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mossoak

gas

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Regular unleaded gas is all that is required for most ATVs except high performance ones. Unless it is stated in the owners manual or near the filler cap that you need premium, it will not make it run any better or start any easier and you spend more.

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Quote:

it will not make it run any better or start any easier and you spend more.


I beg to differ with you there. I have an 07 500 Sportsman, and it really seems to run better on the non-oxy premium then on the cheap stuff. For the $ difference on 5 gal of gas, its worth it to me.

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All you need is the recomended octain for gas. The higher the octain the cooler the gas burns, which prevents "pinging" or predetination this melts pistons. You want the gas to burn as hot as possible without melting your engine. So if your run 92 or even 102 octain in a stock motor, the gass is burning to cool for your set up and your not getting all the BTU's out of it you should. Thus tossing your $$$ out the tail pipe. That being said I run super in my SP700. Not for the performance that I don't get from it but because it doesn't have corn in it. Corn gas has a nasty tendency to grow sludge in it and plug stuff up. Not to mention that the ETOH is also very hard on ruber hoses. If you do decide to run corn gas, you may want to run a mid range octain. I know in my owners manual it says to use a mid range octain gas if it has corn mixed in.

YMMV

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Contrary to widespread belief, the octane rating of gasoline doesn't indicate how much power the fuel delivers; all grades of gasoline contain roughly the same amount of heat energy. A higher octane rating means the fuel is less likely to cause your engine to knock or ping. To avoid this, high-octane gas is formulated to burn slower than regular, making it less likely to ignite without benefit of spark.

The majority ATVs and such are designed to run on regular gas. High-performance ATVs and snowmobiles often require midgrade or premium gas because their engines are designed for higher compression (higher compression = more power), and regular gas may cause them to knock. If your ATV needs high-octane gas, the manual will probably say so.

Using high-octane gas in an ATV designed for regular accomplishes very little except more rapid combustion of your money.

It may "seem to run better on the non-oxy premium then on the cheap stuff", but actual dyno tests will usually show little or no difference in performance.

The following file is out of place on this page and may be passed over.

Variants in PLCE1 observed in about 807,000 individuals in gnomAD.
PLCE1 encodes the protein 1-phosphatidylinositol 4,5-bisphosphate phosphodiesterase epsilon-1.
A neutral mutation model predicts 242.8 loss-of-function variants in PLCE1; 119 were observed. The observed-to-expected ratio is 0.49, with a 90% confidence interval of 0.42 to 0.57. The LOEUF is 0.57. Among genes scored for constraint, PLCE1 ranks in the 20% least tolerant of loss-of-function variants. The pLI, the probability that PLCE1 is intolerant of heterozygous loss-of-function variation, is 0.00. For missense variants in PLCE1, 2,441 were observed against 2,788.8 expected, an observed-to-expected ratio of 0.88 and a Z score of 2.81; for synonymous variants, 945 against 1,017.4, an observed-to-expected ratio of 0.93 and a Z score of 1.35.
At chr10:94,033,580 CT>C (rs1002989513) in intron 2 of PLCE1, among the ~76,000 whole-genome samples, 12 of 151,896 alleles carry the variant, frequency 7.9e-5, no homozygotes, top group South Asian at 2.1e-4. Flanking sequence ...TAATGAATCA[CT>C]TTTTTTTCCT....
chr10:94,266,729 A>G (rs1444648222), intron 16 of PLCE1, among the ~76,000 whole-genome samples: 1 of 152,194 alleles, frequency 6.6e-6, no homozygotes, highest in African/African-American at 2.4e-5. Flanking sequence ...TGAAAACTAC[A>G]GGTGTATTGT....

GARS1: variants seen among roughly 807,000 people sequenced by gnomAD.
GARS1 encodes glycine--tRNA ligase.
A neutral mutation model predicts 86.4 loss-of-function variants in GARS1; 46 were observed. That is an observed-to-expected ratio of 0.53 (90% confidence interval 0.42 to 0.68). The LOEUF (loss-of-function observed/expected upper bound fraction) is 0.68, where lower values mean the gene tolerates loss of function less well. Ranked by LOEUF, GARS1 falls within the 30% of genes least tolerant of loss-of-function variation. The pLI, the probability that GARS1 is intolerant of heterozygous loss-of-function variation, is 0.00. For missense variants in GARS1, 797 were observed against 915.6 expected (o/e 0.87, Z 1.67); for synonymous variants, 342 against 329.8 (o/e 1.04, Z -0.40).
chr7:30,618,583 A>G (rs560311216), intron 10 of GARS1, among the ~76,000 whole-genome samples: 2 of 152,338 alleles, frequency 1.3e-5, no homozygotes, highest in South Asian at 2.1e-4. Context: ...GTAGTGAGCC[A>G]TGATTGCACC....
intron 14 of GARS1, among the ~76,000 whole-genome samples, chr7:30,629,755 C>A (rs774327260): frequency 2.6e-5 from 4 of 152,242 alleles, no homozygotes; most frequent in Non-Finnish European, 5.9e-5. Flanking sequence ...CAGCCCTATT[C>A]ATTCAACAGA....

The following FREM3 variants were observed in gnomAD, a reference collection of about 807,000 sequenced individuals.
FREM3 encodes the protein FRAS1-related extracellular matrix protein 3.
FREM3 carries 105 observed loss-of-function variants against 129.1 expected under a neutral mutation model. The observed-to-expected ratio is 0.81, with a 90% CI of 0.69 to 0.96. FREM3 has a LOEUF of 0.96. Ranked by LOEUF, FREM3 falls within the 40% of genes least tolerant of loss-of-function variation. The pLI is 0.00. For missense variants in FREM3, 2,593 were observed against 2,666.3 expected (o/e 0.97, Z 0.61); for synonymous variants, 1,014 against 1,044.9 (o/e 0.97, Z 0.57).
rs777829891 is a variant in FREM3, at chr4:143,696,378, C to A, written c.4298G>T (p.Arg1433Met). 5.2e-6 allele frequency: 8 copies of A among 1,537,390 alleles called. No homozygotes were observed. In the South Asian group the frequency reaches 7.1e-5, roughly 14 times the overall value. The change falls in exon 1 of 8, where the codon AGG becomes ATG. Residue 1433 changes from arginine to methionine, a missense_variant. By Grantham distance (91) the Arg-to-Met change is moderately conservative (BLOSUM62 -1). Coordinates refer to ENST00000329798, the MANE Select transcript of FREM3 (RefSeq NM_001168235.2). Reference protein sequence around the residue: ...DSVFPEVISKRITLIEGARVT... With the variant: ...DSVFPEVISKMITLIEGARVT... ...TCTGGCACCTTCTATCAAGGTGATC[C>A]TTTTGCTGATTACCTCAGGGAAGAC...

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As mentioned most quads unless specified are designed to run on 87 octane. Any higher and you are just wasting your money. It may help to run higher octane when the quad has been sitting for a while, but if you have a full tank of fresh fuel 87 will do you just fine

Another fact is elevation......A motor set up to run 87 blend at or within' a couple thousand feet of sea level, could use 85 octane at elevations above 6000 ft. Less air pressure at higher altitudes, slows the burn rate down, So lowering the octane keeps you in the power curve.

Each motor if different, but if it's not pinging or detonating..... don't waste your money.

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Gobaby, are those two sleds in your avatar Rupp's? I had one when I was younger and that thing would fly. I saw one just like I had at haydays in mint condition a couple of years ago.

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Yep the one is a 76 Nitro 340 my brother gave me for my birthday, and the other is a 73 Magnum....The second one has the "racing use only" sticker on the tunnel, but has some other Rupp 440 in it..either way, both were free and run decent

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The regular gas with ethanol in it is just fine if you are going to burn it up within a month or so, but I use the non-ethanol premium if I know that the fuel will not be used up right away. Ethanol will absorb water and turn to dump after a period of time. I agree that the premium does nothing for performance in a stock engine, but it sucks cleaning a carburator that is full of green goo.

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